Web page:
After a forty-four day search by the State Highway Patrol, the FBI, the U.S. Navy and other law enforcement agencies, the bodies were located on August 4, 1964. The U.S. Justice Department, acting on orders from Attorney General Robert Kennedy, brought charges in federal court against 18 persons identified by the FBI. These individuals were charged with denying Goodman, Chaney and Schwerner their civil rights without due process of law. On October 20, 1967, seven of the 18 were found guilty of these federal offenses. However, none of these individuals who were physically present at the scene of the crime, were indicted, tried, or convicted of murder in a Mississippi court. (Forty years later, one of the 18 who was not present at the scene was convicted of manslaughter, a lesser charge than murder.) The 1967 case was a landmark decision because it was an application of a law enacted during the Reconstruction Era after the Civil War, and because it was one of the first convictions of KKK members in a Southern court.

Statements, Correspondence, and Condolences

Condolences From Elected Officials and Organizations

Poems and Songs to Andy Written by Members of the Public

Poem by Joe Liebman
Details: PDF | 1 page | 1964-06-28

Poem by Betty Cephus
Details: PDF | 2 pages | 1964-07-05

Poem by Joy Washington
Details: PDF | 1 page | 1964-08-07

Letter and Poem by Ruby Carter
Details: PDF | 2 pages | 1964-08-10

Song by Susan Feldman
Details: PDF | 2 pages | 1964-08-12

Poem by Pete Margolies
Details: PDF | 1 page | 1964-09-10

Poem by Benjamin Miller
Details: PDF | 1 page | 1964-12

Poem by Alice Mundy Spohee
Details: PDF | 2 pages | 1964-12-21

Poem by Cele Mayhew
Details: PDF | 2 pages | 1965-01-14

Song by Betty Corwin
Details: PDF | 2 pages | 1965-01-25

Recording of Song by Jack Solarsh
Details: PDF | 2 pages | 1965-06-25

Poem in Variety by Frank Silvera
Details: PDF | 1 page | 1965-08-19

Song by Sister Evelyn of the Order of Saint Anne
Details: PDF | 1 page |

Poem by George Sands
Details: PDF | 1 page |

Poem by Saul Lancourt
Details: PDF | 1 page |

Poem by John Franzen
Details: PDF | 1 page |

Letter and Poem by Domingo Rivera Gonzolez
Details: PDF | 4 pages |

Poem to Andy
Details: PDF | 1 page |

Letter by Robert Kennedy
Details: PDF | 1 page|

Hate Mail Received by the Goodman Family

Hate Mail Received by Goodman Family
Includes: A selection of hate letters received in 1964 by Carolyn and Robert Goodman, Andy’s parents, upon the death of their son
Details: PDF | 8 pages | 1964

Items Related to the Search and United States v. Cecil Price

Memo Re: Convening of a Grand Jury
Includes: A memo submitted to the Attorney General of the United States urging that a Federal Grand Jury be convened to investigate the disappearance of Andrew Goodman, James Chaney, and Michael Schwerner
Details: PDF | 8 pages | 1964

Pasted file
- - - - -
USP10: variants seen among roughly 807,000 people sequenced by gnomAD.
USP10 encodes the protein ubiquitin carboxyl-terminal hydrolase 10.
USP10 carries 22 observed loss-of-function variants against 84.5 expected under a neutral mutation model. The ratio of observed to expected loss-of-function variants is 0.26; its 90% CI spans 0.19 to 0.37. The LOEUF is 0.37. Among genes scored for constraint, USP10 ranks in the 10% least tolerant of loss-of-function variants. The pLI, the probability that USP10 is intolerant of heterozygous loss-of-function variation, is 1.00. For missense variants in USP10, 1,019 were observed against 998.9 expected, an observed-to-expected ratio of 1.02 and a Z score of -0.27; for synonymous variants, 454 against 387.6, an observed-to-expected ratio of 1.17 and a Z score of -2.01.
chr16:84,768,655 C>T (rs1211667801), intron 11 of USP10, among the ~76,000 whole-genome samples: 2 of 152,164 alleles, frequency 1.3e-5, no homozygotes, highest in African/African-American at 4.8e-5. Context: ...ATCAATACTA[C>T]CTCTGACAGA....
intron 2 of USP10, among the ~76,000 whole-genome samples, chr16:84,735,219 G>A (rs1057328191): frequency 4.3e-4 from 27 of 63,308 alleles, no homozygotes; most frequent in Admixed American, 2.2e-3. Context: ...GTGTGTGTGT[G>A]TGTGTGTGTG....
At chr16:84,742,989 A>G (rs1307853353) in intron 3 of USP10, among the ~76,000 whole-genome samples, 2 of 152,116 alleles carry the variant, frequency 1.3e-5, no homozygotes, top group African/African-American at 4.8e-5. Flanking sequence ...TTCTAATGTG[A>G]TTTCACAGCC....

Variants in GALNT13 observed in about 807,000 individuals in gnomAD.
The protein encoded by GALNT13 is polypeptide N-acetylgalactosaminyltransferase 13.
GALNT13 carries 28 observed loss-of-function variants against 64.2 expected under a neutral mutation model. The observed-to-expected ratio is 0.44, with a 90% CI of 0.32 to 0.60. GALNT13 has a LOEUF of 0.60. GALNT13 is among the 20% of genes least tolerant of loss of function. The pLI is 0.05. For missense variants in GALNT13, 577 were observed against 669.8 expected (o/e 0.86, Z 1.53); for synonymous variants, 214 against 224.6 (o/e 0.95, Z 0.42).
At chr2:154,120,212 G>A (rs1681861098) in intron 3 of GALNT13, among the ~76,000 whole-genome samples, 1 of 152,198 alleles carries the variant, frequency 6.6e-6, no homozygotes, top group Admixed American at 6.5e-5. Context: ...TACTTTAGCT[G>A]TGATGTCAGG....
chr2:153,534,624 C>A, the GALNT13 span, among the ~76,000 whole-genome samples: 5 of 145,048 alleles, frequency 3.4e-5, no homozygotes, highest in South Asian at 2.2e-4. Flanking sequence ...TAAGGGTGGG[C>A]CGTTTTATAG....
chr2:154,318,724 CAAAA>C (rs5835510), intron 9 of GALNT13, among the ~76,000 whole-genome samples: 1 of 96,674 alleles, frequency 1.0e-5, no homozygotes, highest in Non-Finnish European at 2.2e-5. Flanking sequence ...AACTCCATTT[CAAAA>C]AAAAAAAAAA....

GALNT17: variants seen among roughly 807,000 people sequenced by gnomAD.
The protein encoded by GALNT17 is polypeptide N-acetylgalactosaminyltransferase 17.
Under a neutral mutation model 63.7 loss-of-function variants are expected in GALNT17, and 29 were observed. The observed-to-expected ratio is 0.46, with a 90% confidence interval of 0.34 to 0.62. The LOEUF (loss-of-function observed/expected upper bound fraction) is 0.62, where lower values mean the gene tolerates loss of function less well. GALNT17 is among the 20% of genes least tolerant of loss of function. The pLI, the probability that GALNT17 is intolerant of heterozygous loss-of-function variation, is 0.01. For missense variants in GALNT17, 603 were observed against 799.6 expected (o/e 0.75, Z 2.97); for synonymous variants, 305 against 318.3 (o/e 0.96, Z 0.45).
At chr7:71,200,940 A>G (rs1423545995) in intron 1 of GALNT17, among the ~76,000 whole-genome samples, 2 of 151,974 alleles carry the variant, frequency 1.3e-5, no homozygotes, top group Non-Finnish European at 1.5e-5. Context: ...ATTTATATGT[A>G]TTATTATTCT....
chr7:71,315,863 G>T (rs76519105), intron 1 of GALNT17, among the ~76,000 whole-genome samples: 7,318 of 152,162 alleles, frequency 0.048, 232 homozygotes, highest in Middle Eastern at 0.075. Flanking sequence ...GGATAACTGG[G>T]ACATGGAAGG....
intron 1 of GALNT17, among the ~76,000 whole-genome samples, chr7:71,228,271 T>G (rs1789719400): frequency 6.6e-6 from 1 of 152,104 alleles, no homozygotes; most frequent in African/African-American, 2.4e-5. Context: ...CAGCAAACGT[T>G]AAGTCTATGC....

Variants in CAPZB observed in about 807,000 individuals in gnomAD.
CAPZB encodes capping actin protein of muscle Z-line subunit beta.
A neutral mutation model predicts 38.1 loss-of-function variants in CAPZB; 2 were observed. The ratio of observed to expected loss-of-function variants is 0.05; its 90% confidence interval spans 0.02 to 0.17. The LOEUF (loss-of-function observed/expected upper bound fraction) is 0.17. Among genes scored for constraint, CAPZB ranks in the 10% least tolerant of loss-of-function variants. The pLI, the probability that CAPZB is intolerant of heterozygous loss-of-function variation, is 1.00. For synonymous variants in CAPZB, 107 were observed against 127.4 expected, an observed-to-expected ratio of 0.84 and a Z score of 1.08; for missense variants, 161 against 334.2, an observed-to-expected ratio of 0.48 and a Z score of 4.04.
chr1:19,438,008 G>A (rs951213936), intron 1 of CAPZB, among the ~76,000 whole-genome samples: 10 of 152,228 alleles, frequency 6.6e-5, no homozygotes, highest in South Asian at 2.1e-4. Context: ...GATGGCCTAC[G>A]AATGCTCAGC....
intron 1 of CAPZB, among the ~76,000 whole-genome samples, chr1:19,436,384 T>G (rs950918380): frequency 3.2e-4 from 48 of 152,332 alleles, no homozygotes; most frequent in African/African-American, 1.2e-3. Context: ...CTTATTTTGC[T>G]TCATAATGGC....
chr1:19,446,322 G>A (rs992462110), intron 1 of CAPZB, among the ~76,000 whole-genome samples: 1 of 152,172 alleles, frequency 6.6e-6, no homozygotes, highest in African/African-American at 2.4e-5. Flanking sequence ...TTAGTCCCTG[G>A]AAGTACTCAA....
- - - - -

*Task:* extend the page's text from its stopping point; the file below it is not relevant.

Transcript of Conversation on June 27, 2964 with Mr. McNamara and informants about missing Civil Rights workers
Includes: A rough transcript of a conversation held over the phone between Henry Wolff, attorney for the Goodman family, and a Mr. McNamara, who had some contacts in Mississippi including a reporter by the name of David Welch, who had spoken with Mr. Buford Posey, an informant from Philadelphia, Mississippi, who was sympathetic to the plight of local African Americans. The call was taken by Mr. Wolff at the Goodman family home in New York City on Saturday, June 27, 1964 and was recorded by David Goodman who then turned the recording over to the FBI. During their call, the Mr. McNamara plays a conversation recorded on tape of Mr. Buford Posey naming many of the 18 individuals who were later identified by the FBI as the killers of Goodman, Chaney, and Schwerner. Mr. Buford Posey was a cousin of Billey Wayne Posey, one of the 18 men identified by the FBI. However, the person who transcribed the tape incorrectly identified Mr. McNamara as the Secretary of Defense.
Details: PDF | 12 pages | 1964-06-27

Missing, Call FBI Poster
Details: PDF | 1 pages | 1964-06-29

Letter from Mr. and Mrs. Nathan Schwerner to Lee C. White, Special Counsel to the President
Includes: Letter to Lee White outlining concerns and actions they recommended should be taken by the Executive Branch. Lee White forwards the letter to Assistant Attorney General Burke Marshall.
Details: PDF | 6 pages | 1964-08-03

Confession of Horace Doyle Barnette
Details: PDF | 4 pages | 1964-11-20

Indictments Pending
Includes: Letter from John Doar, Assistant Attorney General for the Civil Rights Division, send Goodman family attorney a copy of the indictments pending.
Details: PDF | 8 pages | 1965-01-30

III. Keeping the Legacy Alive

In 1966, Robert and Carolyn Goodman started The Andrew Goodman Foundation to carry on the spirit and purpose of their son’s life. After the death of Robert Goodman in 1969, Carolyn continued the work of the Foundation, focusing on projects like a reverse march to Mississippi and a 25th Anniversary Memorial in June 1989. The memorial, which took place at St. John The Divine Church in NYC, was attended by 10,000 people and was presided by Governor Mario Cuomo, Maya Angelou, Peter Seeger, Aaron Henry, Harry Belafonte, Robert Kennedy Jr., then Mississippi Secretary of State Dick Molpus, and others closely associated with the Civil Rights movement. After Carolyn’s death in August 2007, David Goodman, Andrew’s younger brother, and Sylvia Golbin-Goodman, David’s wife, took up the work of the Foundation and are currently serving pro-bono as Vice Chairman of the Board and President, respectively.

For nearly 50 years, the organization was a private foundation acting in the public interest. With their eyes set on the future, the Board of Directors of The Andrew Goodman Foundation elected to convert the organization into a public charity in 2012. In 2014, Vote Everywhere was formally launched on the fiftieth anniversary of the murders; the program inspires college students to take a stand in the spirit of Freedom Summer, making young voices and votes a powerful force in democracy.

2014 Presidential Medal of Freedom

White House Photographs